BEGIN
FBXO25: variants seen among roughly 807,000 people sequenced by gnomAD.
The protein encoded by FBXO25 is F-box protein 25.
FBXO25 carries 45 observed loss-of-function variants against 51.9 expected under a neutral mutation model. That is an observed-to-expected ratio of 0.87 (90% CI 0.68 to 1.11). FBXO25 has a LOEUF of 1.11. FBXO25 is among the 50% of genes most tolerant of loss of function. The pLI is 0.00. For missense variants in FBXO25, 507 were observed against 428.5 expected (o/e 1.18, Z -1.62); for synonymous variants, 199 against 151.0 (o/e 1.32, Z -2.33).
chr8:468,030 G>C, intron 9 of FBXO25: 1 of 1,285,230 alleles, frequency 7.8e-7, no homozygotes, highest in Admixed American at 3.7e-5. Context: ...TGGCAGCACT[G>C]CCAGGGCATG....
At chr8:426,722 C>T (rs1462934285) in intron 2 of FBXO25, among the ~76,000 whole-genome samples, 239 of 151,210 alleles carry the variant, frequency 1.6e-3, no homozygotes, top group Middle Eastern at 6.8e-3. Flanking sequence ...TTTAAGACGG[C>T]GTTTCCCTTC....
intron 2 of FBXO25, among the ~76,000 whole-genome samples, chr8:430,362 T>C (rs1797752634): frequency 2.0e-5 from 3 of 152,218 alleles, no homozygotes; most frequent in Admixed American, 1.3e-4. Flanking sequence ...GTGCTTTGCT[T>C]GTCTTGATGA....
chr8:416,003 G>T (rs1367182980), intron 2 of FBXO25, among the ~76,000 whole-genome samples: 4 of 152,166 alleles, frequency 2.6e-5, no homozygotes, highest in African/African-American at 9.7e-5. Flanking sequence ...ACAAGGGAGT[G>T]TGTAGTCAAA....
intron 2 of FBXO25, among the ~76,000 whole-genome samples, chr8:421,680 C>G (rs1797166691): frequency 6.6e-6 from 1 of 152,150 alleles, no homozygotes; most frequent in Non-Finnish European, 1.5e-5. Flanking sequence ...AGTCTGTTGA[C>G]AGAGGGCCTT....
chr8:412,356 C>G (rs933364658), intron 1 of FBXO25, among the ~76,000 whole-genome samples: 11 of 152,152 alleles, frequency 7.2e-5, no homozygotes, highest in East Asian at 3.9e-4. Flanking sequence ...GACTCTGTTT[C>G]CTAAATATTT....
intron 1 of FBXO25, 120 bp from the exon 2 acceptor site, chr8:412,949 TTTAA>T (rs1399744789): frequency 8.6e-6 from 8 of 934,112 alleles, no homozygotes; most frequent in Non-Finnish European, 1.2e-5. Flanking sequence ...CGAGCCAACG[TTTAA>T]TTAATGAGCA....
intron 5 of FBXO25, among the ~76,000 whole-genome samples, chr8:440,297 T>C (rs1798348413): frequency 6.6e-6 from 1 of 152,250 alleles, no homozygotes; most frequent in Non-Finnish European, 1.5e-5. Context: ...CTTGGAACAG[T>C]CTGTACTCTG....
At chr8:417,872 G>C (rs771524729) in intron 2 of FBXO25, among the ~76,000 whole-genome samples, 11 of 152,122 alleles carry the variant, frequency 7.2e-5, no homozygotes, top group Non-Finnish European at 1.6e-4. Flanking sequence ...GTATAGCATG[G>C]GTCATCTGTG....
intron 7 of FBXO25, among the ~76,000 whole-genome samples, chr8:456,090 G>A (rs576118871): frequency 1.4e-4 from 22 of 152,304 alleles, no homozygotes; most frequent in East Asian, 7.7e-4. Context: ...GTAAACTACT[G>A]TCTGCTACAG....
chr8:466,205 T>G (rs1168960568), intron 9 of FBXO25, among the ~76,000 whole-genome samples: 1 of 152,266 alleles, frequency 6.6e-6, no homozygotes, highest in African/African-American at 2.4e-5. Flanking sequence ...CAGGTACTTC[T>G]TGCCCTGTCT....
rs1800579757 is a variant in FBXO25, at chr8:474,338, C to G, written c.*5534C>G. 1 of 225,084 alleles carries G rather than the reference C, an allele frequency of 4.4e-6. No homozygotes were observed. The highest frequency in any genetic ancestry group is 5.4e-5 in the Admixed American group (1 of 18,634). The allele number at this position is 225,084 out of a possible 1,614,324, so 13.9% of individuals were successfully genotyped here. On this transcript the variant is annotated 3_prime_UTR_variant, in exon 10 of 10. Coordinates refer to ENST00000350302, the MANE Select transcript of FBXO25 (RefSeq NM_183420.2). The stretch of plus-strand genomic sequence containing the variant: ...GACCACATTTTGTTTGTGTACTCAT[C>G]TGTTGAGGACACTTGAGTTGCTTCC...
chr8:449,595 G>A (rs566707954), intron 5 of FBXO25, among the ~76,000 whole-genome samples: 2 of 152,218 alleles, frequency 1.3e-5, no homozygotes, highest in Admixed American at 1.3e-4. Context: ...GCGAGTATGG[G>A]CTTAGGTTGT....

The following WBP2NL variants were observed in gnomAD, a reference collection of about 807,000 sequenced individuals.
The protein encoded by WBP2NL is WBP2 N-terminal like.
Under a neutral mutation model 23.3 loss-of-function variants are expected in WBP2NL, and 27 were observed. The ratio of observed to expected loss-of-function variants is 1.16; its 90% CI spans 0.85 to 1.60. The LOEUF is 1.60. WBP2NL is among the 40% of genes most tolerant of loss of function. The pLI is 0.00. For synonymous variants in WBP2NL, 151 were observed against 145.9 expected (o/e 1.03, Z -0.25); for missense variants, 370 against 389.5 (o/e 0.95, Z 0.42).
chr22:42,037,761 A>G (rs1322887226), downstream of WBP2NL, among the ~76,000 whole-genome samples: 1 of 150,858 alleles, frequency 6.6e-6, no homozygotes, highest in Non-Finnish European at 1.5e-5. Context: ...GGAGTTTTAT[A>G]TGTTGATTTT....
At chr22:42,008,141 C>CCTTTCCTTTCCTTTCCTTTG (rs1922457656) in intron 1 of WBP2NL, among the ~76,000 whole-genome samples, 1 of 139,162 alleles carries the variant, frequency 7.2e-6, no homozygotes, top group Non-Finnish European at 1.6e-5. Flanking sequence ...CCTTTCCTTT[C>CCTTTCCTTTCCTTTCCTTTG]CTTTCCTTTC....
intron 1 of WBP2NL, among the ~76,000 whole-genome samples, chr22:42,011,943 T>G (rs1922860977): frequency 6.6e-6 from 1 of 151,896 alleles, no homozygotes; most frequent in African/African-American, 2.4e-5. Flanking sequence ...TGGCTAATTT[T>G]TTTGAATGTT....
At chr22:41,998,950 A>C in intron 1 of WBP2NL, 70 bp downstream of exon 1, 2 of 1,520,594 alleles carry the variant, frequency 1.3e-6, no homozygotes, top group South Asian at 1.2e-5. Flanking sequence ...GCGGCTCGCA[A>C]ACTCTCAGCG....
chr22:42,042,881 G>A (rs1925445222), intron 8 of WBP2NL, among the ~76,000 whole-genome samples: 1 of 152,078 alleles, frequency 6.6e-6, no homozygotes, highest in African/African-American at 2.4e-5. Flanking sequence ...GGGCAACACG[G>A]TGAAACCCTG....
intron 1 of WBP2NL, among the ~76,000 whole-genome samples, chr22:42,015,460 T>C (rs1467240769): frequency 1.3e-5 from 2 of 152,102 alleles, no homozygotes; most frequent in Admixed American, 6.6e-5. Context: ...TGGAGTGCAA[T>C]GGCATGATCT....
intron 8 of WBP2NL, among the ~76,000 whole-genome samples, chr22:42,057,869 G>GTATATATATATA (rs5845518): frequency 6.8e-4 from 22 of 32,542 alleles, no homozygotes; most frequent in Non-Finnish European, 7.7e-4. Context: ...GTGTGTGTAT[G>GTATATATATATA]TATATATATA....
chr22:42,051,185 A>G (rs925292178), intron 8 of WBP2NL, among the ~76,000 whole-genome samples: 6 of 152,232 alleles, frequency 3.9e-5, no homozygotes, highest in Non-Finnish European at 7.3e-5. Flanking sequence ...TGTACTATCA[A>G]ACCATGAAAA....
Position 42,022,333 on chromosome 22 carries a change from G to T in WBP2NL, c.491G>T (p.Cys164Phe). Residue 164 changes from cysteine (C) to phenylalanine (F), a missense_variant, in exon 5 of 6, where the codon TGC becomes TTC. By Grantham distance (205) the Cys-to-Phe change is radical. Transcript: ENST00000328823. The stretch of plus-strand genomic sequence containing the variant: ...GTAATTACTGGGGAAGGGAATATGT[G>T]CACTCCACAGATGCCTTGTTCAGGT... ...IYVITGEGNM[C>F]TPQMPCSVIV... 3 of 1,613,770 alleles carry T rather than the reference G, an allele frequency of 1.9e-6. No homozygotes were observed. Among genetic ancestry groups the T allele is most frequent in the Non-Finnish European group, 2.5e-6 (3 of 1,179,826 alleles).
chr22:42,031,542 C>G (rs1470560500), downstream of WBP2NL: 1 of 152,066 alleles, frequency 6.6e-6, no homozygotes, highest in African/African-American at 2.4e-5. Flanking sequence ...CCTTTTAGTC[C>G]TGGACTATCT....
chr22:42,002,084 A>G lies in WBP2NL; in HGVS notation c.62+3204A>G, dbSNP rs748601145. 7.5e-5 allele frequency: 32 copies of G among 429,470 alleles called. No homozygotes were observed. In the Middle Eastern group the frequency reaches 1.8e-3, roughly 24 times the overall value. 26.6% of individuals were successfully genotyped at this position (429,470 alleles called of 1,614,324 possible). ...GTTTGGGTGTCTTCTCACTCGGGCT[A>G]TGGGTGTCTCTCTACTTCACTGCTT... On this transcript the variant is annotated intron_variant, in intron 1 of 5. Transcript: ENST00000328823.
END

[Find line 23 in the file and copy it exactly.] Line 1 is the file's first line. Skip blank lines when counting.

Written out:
At chr22:41,998,950 A>C in intron 1 of WBP2NL, 70 bp downstream of exon 1, 2 of 1,520,594 alleles carry the variant, frequency 1.3e-6, no homozygotes, top group South Asian at 1.2e-5. Flanking sequence ...GCGGCTCGCA[A>C]ACTCTCAGCG....